The comedy show South Park refused to show an image of Mohammed in a bear suit, although it mocked figures from other religions. In response, Molly Norris, a cartoonist for the Seattle Weekly, suggested an “Everybody Draw Mohammed Day.” She quickly withdrew the suggestion and implied that she had been joking. But after several death threats, including from Al-Qaeda, the FBI advised her that she should go into hiding—which she has now done under a new name.
    In 2010, Zachary Chesser, a young convert to Islam, pleaded guilty to threatening the creators of South Park. And on October 3, 2011, approximately 800 newspapers refused to run a “Non Sequitur” cartoon drawn by Wiley Miller that merely contained a bucolic scene with the caption “Where’s Muhammad?”
    Many in our media claim to be self-censoring out of sensitivity to religious feelings, but that claim is repeatedly undercut by their willingness to mock and criticize religions other than Islam. As British comedian Ben Elton observed: “The BBC will let vicar gags pass, but they would not let imam gags pass. They might pretend that it’s, you know, something to do with their moral sensibilities, but it isn’t. It’s because they’re scared.”
    The second threat we face is the specter of cooperation between our government and the OIC to shape speech about Islam. A first indication of this came in President Obama’s Cairo speech in 2009, when he declared that he has a responsibility to “fight against negative stereotypes of Islam whenever they appear.” Then in July of last year in Istanbul, Secretary of State Clinton co-chaired—with the OIC—a “High-Level Meeting on Combating Religious Intolerance.” There, Mrs. Clinton announced another conference with the OIC, this one in Washington, to “exchange ideas” and discuss “implementation” measures our government might take to combat negative stereotyping of Islam. This would not restrict free speech, she said. But the mere fact of U.S. government partnership with the OIC is troublesome. Certainly it sends a dangerous signal, as suggested by the OIC’s Secretary-General, Ekmeleddin Ihsanoglu, when he commented in Istanbul that the Obama administration stands “united” with the OIC on speech issues.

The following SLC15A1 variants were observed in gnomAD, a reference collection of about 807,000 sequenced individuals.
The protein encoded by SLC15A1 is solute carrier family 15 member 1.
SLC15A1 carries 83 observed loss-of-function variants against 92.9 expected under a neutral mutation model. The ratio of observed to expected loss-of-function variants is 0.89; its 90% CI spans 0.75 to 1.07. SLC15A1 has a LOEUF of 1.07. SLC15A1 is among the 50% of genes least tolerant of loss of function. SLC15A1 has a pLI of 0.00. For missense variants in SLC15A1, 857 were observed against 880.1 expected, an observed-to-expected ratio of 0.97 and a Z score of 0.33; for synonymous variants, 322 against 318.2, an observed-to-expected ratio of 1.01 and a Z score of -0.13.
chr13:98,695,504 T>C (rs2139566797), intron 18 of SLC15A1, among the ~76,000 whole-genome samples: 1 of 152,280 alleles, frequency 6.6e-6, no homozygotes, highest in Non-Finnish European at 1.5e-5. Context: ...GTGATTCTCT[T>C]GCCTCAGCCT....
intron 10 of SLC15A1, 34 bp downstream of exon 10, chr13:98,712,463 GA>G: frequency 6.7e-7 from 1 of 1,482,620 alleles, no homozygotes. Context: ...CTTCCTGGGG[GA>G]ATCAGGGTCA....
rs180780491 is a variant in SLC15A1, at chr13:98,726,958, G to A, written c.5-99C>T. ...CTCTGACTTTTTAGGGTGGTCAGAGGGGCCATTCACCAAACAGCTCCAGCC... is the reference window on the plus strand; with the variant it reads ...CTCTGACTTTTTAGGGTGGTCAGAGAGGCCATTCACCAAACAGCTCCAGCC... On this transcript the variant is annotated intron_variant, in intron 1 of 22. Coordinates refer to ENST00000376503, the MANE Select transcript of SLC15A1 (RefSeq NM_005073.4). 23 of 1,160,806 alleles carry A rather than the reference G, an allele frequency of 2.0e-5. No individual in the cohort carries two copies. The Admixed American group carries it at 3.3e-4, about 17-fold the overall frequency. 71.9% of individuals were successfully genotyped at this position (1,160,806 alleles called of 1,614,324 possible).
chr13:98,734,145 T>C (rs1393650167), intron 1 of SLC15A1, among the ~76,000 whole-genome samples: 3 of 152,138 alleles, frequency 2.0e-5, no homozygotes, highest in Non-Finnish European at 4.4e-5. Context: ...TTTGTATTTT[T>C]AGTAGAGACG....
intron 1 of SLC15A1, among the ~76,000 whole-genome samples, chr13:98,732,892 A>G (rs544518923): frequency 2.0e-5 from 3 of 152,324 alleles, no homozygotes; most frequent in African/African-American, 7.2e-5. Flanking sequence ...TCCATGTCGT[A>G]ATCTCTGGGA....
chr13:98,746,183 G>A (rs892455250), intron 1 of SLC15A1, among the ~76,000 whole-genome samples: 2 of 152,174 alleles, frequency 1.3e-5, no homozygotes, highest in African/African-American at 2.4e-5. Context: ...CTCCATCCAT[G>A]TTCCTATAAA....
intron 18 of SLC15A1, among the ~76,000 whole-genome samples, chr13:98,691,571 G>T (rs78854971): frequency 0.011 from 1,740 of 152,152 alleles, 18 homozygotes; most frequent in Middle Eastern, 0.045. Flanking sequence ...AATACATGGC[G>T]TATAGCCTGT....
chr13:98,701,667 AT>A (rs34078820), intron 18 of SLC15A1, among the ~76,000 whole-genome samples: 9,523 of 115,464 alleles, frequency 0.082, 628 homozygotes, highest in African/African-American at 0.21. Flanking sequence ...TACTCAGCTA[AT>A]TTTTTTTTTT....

The OIC’s charter commits it “to combat defamation of Islam.” Its current action plan calls for “deterrent punishments” to counter “Islamophobia.” In 2009, an official OIC organ, the “International Islamic Fiqh [Jurisprudence] Academy,” issued fatwas calling for speech bans, including “international legislation,” to protect “the interests and values of [Islamic] society.” The OIC does not define what speech should be outlawed, but the repressive practices of its leading member states speak for themselves.
    The conference Secretary Clinton announced in Istanbul was held in Washington on December 12-14, 2011, and was closed to the public, with the “Chatham House Rule” restricting the participants (this rule prohibits the identification of who says what, although general content is not confidential). Presentations reportedly focused on America’s deficiencies in its treatment of Muslims and stressed that the U.S. has something to learn in this regard from the other delegations—including Saudi Arabia, despite its ban on Christian churches, its repression of its Shiite population, its textbooks teaching that Jews should be killed, and the fact that it beheaded a woman for sorcery on the opening day of the conference.
    * * *
    The encroachment of de facto blasphemy restrictions in the West threatens free speech and the free exchange of ideas. Nor will it bring social peace and harmony. As comedian Rowan Atkinson warns, such laws produce “a veneer of tolerance concealing a snake pit of unaired and unchallenged views.” Norway’s far-reaching restrictions on “hate speech” did not prevent Anders Behring Breivik from slaughtering over 70 people because of his antipathy to Islam: indeed, his writings suggest that he engaged in violence because he believed that he could not otherwise be heard.